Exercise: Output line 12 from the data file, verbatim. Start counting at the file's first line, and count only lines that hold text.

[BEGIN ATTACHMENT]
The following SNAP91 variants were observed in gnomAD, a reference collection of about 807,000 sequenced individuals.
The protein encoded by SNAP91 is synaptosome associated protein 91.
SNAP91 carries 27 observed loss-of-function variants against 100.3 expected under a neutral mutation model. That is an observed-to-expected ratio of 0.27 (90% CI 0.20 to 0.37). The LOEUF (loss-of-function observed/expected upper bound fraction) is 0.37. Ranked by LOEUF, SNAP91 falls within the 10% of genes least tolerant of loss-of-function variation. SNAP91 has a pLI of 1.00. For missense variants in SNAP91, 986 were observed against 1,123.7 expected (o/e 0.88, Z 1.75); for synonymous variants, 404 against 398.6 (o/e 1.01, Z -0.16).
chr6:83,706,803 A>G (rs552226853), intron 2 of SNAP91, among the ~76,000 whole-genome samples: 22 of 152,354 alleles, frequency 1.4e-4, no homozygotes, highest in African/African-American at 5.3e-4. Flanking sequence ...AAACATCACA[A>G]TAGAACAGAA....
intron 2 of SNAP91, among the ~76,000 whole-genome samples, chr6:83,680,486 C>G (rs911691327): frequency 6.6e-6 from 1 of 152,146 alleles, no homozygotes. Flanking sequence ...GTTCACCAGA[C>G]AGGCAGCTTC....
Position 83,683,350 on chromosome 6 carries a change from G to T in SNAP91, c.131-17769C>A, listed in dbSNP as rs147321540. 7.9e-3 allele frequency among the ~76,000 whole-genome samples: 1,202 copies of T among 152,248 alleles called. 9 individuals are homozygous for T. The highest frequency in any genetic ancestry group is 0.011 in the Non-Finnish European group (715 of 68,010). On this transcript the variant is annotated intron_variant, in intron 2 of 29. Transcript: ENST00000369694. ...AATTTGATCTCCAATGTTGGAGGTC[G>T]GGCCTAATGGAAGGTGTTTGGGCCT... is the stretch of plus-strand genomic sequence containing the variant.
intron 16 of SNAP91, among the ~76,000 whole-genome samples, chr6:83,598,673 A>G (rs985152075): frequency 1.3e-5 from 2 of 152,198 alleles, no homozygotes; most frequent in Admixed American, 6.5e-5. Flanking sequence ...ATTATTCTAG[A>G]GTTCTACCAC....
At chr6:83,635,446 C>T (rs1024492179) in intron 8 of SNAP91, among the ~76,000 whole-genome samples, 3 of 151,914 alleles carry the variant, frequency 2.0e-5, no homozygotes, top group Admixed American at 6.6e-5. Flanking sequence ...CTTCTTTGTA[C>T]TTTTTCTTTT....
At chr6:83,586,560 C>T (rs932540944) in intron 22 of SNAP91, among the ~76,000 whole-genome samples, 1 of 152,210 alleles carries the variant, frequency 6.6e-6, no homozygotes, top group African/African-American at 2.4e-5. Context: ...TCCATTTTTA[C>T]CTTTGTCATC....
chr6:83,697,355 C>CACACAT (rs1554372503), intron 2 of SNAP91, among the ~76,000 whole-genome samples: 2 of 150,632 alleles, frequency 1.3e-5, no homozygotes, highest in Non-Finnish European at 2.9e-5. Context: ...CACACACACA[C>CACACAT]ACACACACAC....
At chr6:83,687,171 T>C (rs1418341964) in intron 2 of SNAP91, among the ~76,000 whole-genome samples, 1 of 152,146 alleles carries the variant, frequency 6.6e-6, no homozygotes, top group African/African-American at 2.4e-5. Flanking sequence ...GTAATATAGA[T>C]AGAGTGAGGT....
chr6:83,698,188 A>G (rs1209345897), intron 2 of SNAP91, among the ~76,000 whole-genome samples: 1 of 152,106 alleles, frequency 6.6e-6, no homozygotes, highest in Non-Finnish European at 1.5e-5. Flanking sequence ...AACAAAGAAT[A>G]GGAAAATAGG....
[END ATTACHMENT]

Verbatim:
chr6:83,698,188 A>G (rs1209345897), intron 2 of SNAP91, among the ~76,000 whole-genome samples: 1 of 152,106 alleles, frequency 6.6e-6, no homozygotes, highest in Non-Finnish European at 1.5e-5. Flanking sequence ...AACAAAGAAT[A>G]GGAAAATAGG....